CAR-T cell therapy could soon combat solid tumors by utilizing exhaustion resistant cells.
Research conducted by a team from Stanford University (CA, USA) has resulted in the production of a new generation of CAR-T cells that show promise in combating solid tumors. The work, led by Crystal Mackall (Stanford University), has been published in Nature and describes the promising use of these new cells in mice with bone cancer.
CAR-T has shown significant advances against blood cancers; however, its effectiveness against solid tumors has been less impressive due to the CAR-T cells naturally exhausting, resulting in shorter-term impact. By overexpressing C-JUN in their CAR-T cells, the team were able to demonstrate an ability to remain active and proliferate under laboratory conditions. The team went on to treat mice that had been injected with human leukemias with either the traditional CAR-T or C-JUN+ CAR-T and demonstrated an increased survival rate among those with the modified C-JUN+ CAR-T.
“We know that T cells are powerful enough to eradicate cancer, but these same T cells have evolved to have natural brakes that tamp down the potency of their response after a period of prolonged activity” commented Crystal Mackall. “We’ve developed a way to mitigate this exhaustion response and improve the activity of CAR-T cells against blood and solid cancers.”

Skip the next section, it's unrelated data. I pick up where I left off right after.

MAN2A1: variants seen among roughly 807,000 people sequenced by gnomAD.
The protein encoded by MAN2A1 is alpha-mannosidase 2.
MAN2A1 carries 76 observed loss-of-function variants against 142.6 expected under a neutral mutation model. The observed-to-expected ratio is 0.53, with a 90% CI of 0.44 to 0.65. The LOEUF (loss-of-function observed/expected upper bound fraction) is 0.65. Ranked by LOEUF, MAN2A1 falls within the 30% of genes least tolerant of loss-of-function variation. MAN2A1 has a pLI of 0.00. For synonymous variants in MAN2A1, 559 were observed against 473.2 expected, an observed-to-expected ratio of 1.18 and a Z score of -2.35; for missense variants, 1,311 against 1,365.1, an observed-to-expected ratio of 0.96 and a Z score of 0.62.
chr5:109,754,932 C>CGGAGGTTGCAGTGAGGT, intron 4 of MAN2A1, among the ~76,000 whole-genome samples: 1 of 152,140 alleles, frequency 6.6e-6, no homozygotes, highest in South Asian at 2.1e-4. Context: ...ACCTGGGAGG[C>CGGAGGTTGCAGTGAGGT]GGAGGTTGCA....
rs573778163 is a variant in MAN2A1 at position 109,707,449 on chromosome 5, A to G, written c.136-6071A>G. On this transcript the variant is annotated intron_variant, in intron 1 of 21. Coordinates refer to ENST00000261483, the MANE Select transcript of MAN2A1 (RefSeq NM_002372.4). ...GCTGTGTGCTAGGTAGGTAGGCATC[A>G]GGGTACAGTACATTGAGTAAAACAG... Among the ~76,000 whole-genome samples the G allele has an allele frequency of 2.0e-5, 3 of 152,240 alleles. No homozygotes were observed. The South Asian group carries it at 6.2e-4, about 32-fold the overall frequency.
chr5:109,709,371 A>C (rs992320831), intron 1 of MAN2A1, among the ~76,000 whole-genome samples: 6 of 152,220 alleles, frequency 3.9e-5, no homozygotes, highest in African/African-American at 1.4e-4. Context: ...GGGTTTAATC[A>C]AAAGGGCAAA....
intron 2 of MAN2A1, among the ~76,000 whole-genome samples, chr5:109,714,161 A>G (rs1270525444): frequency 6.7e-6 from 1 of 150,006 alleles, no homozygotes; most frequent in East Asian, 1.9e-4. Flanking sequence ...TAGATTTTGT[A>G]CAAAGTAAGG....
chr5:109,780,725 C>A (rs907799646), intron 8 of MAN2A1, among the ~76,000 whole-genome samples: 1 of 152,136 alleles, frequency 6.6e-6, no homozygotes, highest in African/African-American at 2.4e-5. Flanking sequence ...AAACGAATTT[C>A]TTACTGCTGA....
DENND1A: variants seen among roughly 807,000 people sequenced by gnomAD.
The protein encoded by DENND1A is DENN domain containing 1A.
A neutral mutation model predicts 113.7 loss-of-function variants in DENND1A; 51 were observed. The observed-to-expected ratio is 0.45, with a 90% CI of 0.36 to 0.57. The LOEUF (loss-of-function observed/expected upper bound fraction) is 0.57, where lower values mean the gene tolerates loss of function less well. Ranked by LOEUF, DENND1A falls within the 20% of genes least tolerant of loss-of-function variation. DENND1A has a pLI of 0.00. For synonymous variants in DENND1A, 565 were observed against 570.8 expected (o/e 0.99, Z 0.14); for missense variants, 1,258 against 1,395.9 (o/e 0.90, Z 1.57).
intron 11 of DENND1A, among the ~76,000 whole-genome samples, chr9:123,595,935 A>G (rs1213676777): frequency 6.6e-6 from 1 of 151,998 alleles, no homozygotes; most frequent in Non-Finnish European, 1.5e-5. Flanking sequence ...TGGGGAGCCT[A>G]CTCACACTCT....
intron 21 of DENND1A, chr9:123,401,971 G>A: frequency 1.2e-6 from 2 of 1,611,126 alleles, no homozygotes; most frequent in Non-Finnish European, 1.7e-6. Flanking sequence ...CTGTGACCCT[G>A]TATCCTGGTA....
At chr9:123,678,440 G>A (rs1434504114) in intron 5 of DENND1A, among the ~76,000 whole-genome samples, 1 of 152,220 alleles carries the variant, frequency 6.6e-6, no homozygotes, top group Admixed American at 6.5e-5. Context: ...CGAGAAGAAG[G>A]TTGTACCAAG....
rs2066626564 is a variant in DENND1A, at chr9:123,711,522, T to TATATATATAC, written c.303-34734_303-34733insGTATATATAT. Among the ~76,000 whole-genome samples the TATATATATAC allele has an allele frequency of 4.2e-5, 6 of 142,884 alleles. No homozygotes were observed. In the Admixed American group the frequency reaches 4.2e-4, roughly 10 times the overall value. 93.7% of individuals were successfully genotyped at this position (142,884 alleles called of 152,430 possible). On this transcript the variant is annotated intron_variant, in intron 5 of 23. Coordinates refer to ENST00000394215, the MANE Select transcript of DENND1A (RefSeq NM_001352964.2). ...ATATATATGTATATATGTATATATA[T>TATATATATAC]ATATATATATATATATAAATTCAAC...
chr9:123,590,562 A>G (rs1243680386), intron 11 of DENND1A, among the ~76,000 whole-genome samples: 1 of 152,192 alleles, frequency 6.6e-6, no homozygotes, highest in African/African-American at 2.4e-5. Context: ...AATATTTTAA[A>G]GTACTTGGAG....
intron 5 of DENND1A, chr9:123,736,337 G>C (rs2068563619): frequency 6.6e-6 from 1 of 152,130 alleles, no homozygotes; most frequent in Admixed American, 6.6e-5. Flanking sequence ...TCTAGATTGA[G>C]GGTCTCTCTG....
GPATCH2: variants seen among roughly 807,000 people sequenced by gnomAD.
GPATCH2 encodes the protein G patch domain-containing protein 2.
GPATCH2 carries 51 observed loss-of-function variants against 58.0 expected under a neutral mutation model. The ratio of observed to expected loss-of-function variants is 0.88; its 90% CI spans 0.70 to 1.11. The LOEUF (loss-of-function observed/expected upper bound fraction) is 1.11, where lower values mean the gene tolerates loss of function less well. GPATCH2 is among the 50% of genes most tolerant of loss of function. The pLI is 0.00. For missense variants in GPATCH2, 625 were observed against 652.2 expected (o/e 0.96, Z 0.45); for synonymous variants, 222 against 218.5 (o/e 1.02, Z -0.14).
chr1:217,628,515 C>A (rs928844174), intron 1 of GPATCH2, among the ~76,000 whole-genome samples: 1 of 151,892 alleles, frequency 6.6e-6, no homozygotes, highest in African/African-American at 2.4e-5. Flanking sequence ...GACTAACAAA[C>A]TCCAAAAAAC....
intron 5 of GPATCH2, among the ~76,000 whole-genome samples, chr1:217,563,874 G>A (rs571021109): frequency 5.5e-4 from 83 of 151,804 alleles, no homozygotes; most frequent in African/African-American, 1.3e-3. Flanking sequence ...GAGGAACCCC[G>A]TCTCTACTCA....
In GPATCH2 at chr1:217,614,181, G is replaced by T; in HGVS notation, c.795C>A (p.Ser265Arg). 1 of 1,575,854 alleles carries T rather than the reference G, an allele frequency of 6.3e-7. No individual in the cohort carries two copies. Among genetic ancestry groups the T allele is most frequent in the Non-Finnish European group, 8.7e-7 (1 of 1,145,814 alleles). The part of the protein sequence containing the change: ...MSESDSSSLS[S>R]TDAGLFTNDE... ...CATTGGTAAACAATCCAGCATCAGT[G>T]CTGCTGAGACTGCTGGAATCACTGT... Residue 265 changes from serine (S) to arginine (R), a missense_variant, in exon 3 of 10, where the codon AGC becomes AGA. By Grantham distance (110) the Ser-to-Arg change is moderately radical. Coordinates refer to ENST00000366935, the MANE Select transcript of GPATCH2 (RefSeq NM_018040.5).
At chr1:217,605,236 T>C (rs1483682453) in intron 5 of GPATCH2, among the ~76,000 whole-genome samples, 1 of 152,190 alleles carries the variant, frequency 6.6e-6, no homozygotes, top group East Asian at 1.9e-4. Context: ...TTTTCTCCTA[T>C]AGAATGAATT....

Following their success against leukemia, the team treated mice with human osteosarcoma — a solid bone cancer — and successfully demonstrated a reduction in tumor burden and an extension in lifespan.
The team focused on C-JUN after utilizing a technique known as ATAC-seq on both exhausted and non-exhausted CAR-T cells. ATAC-seq allowed the researchers to discover which areas of the genome were most accessible and suggested that the difference between the two states was in a major class of genes that regulate protein levels. This led the team to select C-JUN, a protein which is known to be associated with T-cell activation.
“When we used this technique to compare the genomes of healthy and exhausted T cells,” explained Mackall. “We identified some significant differences in gene expression patterns.”
It is now the team’s aim to initiate clinical trials within 18 months against leukemia, with the eventual goal of progressing onto solid tumors.
Source: Lynn R, Weber E, Sotillo E, et al. c-Jun overexpression in CAR T cells induces exhaustion resistance. Nature. doi:10.1038/s41586-019-1805-z (2019) (Epub ahead of print); http://med.stanford.edu/news/all-news/2019/12/stanford-researchers-program-cancer-fighting-cells-to-resist-exh.html
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